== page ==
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Tuesday, August 14, 2007

Origin of life research: A perfect circularity

Here is neuroscientist Michael Egnor, who has said such kind things about The Spiritual Brain on on origin of life research:
The National Research Council’s report — The Limits of Organic Life in Planetary Systems — is a must read. Not for the science — what there is of it can be summed up simply: we have no clue how life began. No, the report is a must read for the insight it offers into the current state of origin of life research:

For generations the definition of life has eluded scientists and philosophers. (Many have come to recognize that the concept of “definition” itself is difficult to define)… Indeed, because the chemical structures of terran biomolecular systems all appear to have arisen through Darwinian processes, it is hardly surprising that some of the more thoughtful definitions of life hold that it is a “chemical system capable of Darwinian evolution.” [emphasis mine]

Aside from jargon that would make Derrida squirm— “the concept of definition is itself difficult to define”— the Council claims to see, through post-modern haze, a more thoughtful definition of life: life is defined as “a chemical system capable of Darwinian evolution”! This more thoughtful definition of life is an even grander tautology than 'survivors survive': Darwin’s theory must explain life because life is defined as ‘what Darwin’s theory explains.’ You've got to admire the audacity.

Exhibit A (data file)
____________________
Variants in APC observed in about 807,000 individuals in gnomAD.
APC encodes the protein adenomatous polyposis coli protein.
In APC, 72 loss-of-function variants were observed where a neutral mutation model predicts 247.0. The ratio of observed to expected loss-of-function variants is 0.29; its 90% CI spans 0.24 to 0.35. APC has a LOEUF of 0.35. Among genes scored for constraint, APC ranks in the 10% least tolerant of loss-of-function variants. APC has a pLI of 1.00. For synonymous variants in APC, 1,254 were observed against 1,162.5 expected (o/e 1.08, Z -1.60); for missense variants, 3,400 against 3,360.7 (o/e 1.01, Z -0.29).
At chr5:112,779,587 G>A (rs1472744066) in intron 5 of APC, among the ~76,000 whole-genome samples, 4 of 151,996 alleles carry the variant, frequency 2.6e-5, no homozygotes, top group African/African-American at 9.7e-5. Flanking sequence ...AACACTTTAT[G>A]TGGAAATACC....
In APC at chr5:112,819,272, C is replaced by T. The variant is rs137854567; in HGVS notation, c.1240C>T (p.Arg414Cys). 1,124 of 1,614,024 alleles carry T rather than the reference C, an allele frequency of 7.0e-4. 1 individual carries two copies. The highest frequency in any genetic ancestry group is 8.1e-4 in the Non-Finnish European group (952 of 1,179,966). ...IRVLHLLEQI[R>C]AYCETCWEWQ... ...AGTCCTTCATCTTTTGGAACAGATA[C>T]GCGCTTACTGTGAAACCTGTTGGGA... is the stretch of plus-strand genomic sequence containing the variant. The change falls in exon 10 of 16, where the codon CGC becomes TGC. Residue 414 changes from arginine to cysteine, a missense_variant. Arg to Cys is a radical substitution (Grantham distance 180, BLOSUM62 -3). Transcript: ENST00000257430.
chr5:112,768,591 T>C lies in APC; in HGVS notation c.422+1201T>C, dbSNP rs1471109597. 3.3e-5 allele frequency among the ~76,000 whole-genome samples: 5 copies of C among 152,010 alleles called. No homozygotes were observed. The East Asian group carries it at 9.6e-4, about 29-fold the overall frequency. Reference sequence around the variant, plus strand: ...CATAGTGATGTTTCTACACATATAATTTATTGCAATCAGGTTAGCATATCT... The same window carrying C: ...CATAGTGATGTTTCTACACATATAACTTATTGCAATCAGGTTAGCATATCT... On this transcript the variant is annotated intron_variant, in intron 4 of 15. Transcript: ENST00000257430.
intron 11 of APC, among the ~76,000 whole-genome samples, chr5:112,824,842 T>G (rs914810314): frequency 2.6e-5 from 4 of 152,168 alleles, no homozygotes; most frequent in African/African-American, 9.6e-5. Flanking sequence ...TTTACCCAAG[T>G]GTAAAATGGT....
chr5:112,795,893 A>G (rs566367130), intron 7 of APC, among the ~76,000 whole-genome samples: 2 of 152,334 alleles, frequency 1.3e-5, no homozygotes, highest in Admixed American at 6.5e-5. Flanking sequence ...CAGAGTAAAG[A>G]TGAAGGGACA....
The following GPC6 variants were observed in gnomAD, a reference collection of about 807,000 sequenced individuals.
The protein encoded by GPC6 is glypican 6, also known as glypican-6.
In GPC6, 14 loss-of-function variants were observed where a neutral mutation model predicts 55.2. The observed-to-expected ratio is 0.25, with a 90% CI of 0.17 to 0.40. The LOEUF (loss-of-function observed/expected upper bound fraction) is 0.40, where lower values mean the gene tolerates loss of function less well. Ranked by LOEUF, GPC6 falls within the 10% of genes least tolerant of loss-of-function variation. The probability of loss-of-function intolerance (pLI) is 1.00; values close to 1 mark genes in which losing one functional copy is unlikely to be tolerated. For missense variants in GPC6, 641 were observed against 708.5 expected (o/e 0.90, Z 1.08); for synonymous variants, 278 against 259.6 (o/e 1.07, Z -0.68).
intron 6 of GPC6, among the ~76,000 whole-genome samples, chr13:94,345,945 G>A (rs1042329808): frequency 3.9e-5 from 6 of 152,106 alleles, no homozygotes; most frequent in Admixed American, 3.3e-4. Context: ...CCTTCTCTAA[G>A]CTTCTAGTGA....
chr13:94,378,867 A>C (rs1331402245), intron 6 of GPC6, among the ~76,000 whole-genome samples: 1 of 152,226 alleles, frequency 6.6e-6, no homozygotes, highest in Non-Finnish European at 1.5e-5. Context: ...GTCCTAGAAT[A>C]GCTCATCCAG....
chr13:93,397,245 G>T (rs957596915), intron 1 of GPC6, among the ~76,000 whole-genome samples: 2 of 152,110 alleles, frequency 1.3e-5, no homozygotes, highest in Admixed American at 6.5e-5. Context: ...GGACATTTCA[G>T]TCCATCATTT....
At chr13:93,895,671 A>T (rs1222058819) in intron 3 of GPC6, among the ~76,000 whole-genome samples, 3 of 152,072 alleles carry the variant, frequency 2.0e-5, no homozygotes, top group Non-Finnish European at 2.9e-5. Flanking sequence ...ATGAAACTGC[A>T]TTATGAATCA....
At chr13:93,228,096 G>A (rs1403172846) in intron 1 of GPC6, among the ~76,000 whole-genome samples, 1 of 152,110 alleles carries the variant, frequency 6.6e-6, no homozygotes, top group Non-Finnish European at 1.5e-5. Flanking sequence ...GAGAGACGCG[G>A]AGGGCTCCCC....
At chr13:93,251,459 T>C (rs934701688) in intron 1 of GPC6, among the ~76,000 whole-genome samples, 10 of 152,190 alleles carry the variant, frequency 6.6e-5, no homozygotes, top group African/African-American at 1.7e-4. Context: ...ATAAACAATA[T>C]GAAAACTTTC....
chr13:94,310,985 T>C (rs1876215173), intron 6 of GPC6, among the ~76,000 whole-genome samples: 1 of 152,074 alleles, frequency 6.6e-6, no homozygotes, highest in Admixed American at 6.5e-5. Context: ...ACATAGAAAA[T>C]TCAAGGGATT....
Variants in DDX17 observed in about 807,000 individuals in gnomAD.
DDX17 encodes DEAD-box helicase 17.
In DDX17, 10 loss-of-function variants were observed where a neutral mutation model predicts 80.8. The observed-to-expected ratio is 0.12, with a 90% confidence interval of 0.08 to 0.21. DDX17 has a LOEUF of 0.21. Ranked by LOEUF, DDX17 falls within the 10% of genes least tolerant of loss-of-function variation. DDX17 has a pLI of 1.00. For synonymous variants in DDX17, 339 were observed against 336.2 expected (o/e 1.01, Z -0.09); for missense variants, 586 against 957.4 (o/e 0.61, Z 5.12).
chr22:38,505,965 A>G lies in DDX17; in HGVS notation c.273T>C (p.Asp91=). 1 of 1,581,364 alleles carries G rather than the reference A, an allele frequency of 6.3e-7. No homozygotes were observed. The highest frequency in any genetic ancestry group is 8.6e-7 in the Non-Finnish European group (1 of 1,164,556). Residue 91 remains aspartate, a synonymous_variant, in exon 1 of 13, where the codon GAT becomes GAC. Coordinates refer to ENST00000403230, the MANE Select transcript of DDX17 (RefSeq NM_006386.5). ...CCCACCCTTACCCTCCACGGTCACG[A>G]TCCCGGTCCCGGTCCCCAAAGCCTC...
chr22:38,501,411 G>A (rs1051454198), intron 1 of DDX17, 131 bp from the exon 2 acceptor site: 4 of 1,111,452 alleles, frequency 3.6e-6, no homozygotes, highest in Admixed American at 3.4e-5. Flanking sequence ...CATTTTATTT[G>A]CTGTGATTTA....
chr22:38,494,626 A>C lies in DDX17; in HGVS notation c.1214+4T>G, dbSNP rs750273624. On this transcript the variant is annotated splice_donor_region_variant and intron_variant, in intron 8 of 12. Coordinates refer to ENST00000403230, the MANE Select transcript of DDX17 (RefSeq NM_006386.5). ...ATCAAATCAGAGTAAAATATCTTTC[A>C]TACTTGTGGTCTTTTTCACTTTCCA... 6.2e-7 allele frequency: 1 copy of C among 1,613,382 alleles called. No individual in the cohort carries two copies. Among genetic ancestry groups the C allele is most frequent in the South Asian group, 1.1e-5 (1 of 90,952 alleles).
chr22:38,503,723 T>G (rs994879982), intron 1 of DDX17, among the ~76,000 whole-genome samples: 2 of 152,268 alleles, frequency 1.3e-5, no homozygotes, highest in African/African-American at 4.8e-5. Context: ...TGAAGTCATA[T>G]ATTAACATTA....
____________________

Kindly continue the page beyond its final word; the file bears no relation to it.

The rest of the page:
Here's a backgrounder on why origin of life is such a difficult problem. Oh, and here is a $1 million dollar prize if you can figure out how the genetic code arose spontaneously.

And the theory that life began in outer space has fallen on hard times, according to recent reports:
For the first time, there are solid data to refute a popular theory that life came to the Earth aboard a comet, Rutgers researchers said Monday.
Deteriorated DNA from microbes, frozen for millions of years in the Antarctic ice, shows that organisms could not have survived the bombardment of cosmic radiation during deep space travel from outside the solar system, said Paul Falkowski, a Rutgers biologist and oceanographer.

Toronto journalist David Warren comments,
Like every other pointy-head Darwinoid theory, the idea behind "Panspermianism" is to transfer the problem of life's origin on earth, out of the finite space & time of the earth's own geological history, & into some abstract place where the laws of chance have an infinite amount of time to do whatever is necessary. But the game is up. We can now roughly date the origin of our universe, & 15 billion years is WAY too short a time for random processes to produce a non-random result. Verily, 15 billion times 15 billion years is still not nearly enough time.

There are some miracles that just cannot be explained away.



Note: If you are looking for the story about the major film about the ID guys, starring Ben Stein, go here.

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